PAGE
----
In 1968 a film about four climbers’ three-day journey up the face of El Capitan in Yosemite Valley won sweeping praise from film festivals across the world.
The film, named after the featured rock formation, won grand prize at the Banff Mountain Film Festival (Banff, BC), Festival International du Film D’Aventure Vecue (La Plagne, France), Mountainfilm (Telluride, CO.) and the international film festival Montagna Esplorazione (Trento, Italy), to name a few.
Along the way, El Capitan won the hearts of several critics, including mountaineer Royal Robbins (“Among climbing films, El Capitan is without peer in poetic beauty.”) and poet Gary Snyder (“The line between gulps of void and solid rock straight up and down – hair-raising, funny, pure, beautiful.").
Ten years ago, the movie was taken out of circulation, not because it had lost popularity (it was shown again at the 2007 edition of the Banff Mountain Film Festival), but because the film was so damaged.
Now Fred Padula, the man responsible for El Capitan, is trying to raise money on Kickstarter to restore the film. With six days left, he’s still about $8,500 short of the $25,000 goal.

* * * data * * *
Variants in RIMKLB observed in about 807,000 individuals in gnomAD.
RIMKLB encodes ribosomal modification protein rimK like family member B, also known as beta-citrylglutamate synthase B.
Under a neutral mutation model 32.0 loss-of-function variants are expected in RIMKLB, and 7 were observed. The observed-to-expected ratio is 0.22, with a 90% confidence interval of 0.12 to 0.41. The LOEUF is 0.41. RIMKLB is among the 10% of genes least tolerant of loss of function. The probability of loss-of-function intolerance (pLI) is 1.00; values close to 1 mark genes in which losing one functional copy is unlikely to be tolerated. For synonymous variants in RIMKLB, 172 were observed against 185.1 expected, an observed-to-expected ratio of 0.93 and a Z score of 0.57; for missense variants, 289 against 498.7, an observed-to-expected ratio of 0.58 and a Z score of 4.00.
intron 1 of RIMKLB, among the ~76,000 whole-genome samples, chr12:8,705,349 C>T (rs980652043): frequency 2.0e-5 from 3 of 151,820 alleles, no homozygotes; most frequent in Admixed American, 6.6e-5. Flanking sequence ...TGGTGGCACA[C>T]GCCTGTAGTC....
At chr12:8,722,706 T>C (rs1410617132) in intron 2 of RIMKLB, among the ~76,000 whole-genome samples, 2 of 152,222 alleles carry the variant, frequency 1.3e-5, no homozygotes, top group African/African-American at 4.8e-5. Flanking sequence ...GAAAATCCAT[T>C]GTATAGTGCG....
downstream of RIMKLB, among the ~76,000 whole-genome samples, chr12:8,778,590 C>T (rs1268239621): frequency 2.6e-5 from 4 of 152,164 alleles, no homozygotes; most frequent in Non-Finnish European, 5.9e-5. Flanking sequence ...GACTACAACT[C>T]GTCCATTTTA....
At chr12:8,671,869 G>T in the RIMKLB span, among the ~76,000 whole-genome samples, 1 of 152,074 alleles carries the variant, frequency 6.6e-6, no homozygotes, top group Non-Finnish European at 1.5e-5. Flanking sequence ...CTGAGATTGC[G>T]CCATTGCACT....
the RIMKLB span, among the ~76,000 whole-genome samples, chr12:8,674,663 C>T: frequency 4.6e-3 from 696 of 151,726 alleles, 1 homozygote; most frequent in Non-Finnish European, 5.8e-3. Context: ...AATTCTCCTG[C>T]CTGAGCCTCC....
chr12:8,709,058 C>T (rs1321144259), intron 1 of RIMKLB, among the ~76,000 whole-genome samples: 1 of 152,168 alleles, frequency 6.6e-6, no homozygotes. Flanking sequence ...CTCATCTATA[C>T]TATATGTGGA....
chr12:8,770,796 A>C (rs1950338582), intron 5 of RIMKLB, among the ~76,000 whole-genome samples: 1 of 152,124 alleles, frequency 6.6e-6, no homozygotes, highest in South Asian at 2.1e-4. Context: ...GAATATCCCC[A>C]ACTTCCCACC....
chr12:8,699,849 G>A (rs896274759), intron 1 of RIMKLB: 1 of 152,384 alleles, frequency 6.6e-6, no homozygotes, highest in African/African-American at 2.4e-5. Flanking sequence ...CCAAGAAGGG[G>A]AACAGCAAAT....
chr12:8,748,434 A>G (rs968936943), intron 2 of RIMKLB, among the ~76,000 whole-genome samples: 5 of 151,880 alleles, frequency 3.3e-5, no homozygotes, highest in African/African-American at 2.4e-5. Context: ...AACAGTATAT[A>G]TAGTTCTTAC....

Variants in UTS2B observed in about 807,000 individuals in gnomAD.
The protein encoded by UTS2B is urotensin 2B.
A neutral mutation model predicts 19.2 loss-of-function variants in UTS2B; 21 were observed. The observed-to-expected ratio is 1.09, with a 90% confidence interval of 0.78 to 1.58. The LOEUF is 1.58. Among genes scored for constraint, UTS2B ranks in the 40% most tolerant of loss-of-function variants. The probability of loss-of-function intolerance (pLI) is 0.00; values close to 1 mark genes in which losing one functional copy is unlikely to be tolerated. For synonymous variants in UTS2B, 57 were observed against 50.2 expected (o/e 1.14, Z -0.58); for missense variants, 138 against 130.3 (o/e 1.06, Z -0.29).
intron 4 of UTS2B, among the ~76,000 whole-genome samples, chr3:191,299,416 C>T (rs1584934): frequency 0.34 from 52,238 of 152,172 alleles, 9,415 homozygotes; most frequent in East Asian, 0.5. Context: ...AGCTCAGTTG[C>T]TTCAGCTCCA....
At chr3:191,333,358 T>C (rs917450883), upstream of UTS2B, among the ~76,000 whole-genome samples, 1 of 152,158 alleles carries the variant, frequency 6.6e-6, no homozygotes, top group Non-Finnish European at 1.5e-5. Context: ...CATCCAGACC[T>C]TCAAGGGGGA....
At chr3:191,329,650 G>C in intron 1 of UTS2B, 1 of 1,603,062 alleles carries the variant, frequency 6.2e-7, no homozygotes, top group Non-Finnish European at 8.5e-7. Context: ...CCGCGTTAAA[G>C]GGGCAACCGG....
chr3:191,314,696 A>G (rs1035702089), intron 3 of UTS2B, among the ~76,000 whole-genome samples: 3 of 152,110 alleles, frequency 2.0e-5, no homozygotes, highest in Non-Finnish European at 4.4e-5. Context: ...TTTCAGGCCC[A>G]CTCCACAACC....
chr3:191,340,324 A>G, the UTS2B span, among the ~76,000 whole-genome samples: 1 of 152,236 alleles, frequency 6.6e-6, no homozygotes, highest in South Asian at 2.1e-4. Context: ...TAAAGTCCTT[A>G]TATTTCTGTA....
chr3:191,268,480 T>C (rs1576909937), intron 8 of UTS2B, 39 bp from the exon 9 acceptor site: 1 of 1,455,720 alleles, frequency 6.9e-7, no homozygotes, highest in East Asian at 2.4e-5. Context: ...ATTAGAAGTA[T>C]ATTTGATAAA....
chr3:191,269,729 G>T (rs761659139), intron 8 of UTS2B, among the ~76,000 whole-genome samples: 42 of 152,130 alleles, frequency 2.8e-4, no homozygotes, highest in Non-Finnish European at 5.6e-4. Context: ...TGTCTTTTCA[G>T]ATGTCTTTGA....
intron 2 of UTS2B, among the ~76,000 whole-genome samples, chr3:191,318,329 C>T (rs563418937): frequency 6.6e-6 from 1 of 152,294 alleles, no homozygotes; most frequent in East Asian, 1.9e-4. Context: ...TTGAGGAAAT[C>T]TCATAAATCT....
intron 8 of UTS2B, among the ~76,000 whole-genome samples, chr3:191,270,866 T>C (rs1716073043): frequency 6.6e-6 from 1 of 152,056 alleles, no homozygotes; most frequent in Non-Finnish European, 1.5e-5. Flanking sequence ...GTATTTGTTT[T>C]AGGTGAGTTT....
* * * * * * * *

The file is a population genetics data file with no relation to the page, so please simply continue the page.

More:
Chip in just $15 and you’ll receive a DVD of the re-finished product. Not only are the shots of Yosemite’s big walls still just as impressive, but the film is also an important archive of early climbing culture. These climbers didn’t have Five Ten shoes or fancy trad gear.
So what exactly will this project entail? According to the video, Padula will go through the original 16mm film frame by frame to remove scratches and dirt. In the video above, he compares the original frames to the cleaned and updated versions. Based on this evidence, it’s safe to say that the finished product will be well worth the investment.